Scott Jones – Gilbert Campus Pastor
My daughter, Morgan called and wanted to come home from her summer internship in Tampa, Florida. She was only two weeks in. It was a dream opportunity. I said, “Why would you want to come home?” Conflict. She went there to work with big cats but unfortunately there were people there too. They’re harder to get along with than lions and tigers.
As Donita and I listened on the phone our hearts broke. As loving parents, we wanted to bring her home. But we also knew this was a defining moment and we wanted to coach her through it. Suddenly God brought to mind something that I had just learned that I was able to pass on to her. Conflict is a part of life. Some love it. Others try to avoid it. Still others run at the first hint of it. But anyone who lives in relationship eventually finds themselves in the midst of one. I’ve had my share. Some I’ve started. Some I’ve gotten drawn into. Some just walked up and slapped me in the face.
There’s a pretty good chance that you just got out of a conflict, are in one now or will face one tomorrow. Whether you lead a team, hang out with friends, deal with a difficult co-worker, or simply live in a family, you can’t escape this reality. But you can navigate it better and maybe save a relationship along the way. There is a way to resolve conflict and restore relationship. The tricky part is to remain objective. Emotion often fuels conflict and prevents cooler heads from prevailing long enough to see each other’s side. Emotion makes us say things like:
- “Are you really that stupid?”
- “I wish I’d never married you.”
- “You’re a terrible father.”
- “All you care about is yourself.”
- “You’re such a loser.”
- “I hate you!”
I’m not the wisest guy in the world but I’ve never seen any off these lines cultivate an environment of safety and trust required to bring reconciliation. So what DO you do?
I recently found myself in the midst of a conflict. I was actually invited in to someone else’s conflict to act as a mediator. As I engaged the process, I found myself far more objective that I might have been if the conflict had been my own. It’s that emotion thing I mentioned earlier. As I looked back on the pieces that made it go well, a process emerged so clearly that I immediately wrote it down. And this is what I shared with Morgan on the phone that night.
So here are 5 important steps in leading through conflict that surprisingly spell the word, “ROAST.” Now I know that word conjures up bad Comedy Central episodes of a stage full of washed up comedians telling vulgar, tired and predictable jokes about a washed up celebrity in a lame attempt to resurrect all of their careers. (Wow that could create a conflict!) But in this case “roast” is a positive thing. So here we go.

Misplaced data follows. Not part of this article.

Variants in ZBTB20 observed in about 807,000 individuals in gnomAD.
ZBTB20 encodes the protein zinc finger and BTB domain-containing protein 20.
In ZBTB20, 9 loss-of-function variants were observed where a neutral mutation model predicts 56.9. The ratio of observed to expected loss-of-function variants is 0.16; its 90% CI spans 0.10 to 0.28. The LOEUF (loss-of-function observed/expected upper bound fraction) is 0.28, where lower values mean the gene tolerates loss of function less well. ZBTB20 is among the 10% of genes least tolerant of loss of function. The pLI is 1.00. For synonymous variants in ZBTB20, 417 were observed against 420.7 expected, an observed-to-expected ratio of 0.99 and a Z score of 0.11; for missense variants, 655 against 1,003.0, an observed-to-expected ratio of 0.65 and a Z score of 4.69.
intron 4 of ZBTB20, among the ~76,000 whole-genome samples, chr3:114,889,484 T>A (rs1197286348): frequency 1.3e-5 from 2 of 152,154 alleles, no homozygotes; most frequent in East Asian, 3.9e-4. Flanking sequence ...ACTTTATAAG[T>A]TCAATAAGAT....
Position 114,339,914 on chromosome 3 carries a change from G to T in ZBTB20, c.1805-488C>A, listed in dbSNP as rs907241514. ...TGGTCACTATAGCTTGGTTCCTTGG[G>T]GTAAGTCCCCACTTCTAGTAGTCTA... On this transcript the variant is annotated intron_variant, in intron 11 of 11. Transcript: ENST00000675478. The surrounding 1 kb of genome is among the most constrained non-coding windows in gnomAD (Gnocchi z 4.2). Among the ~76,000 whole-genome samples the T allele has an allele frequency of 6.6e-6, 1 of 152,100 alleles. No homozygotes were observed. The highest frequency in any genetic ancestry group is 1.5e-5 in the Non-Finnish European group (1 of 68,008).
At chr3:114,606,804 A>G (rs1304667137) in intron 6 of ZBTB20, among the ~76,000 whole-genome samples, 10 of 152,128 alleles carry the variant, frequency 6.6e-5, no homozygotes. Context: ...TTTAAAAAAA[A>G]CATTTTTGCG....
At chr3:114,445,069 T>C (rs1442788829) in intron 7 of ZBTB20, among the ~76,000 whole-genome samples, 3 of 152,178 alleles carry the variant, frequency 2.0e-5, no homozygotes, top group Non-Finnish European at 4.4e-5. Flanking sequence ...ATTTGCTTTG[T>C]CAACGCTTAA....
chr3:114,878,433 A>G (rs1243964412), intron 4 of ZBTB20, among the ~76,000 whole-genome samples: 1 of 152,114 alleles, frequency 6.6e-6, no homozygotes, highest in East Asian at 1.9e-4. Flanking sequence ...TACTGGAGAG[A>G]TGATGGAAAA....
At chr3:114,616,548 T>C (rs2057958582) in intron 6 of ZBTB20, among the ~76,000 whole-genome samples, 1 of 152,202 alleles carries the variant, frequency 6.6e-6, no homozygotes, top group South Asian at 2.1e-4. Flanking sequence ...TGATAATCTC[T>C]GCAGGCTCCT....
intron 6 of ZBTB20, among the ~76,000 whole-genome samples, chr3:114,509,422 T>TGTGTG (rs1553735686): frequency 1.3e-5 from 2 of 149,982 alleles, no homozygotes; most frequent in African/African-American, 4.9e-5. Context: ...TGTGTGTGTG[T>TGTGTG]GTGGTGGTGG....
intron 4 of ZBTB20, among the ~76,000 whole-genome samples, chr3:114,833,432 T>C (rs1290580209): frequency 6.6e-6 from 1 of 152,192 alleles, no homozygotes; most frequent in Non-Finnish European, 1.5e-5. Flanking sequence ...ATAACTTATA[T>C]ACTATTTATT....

R. Remember what’s at stake. There’s always something grander that we have to envision that might get sacrificed if this conflict does not end well. It could be the mission of your organization, the respect of your children, the longevity of your marriage or the health of your team. Keeping that in mind will guide you as you go.
O. Own your piece. Conflict is rarely one-sided. Even if you think you are completely in the right, look for even the tiniest piece of evidence that you contributed to the conflict and call it out. God works in a space that driven by humility. Admitting your part breaks down walls and defenses and creates an invitation for others to do the same.
A. Acknowledge the hurt. There is no anger without pain. There’s an old saying, “People don’t care how much you know until they know how much you care.” Try to identify where the other person felt pain, injury or disrespect. Discern how that fits into the equation and say, “I’m sorry that you are hurting over that.”
S. Seek unity. This has to be the greater pursuit. It may not end there but if you settle for a lesser vision upfront (like not hating each other) you can be assured that unity will elude you. This is crucial, especially if you are a Jesus follower. He died for unity. Satan seeks to destroy it. Pursue unity and preserve the one thing that proves the love of God is greater.
T. Thank them for making you better. Say what? Yeah I know; that’s a tough one. But this is where we realize that anytime anyone is willing to sit down with us with a view toward reconciliation – say these words out loud – IT IS A GIFT. And we give thanks for gifts. Truth is, there’s always a take-a-way for a person who is looking to get better. Look for it and you will find it. Thanking the other person is a sign of grace and strength.
By the way, Morgan is now in her 7th week of her summer internship and loving every minute of it!
So next time you get into a conflict with another person, ROAST them!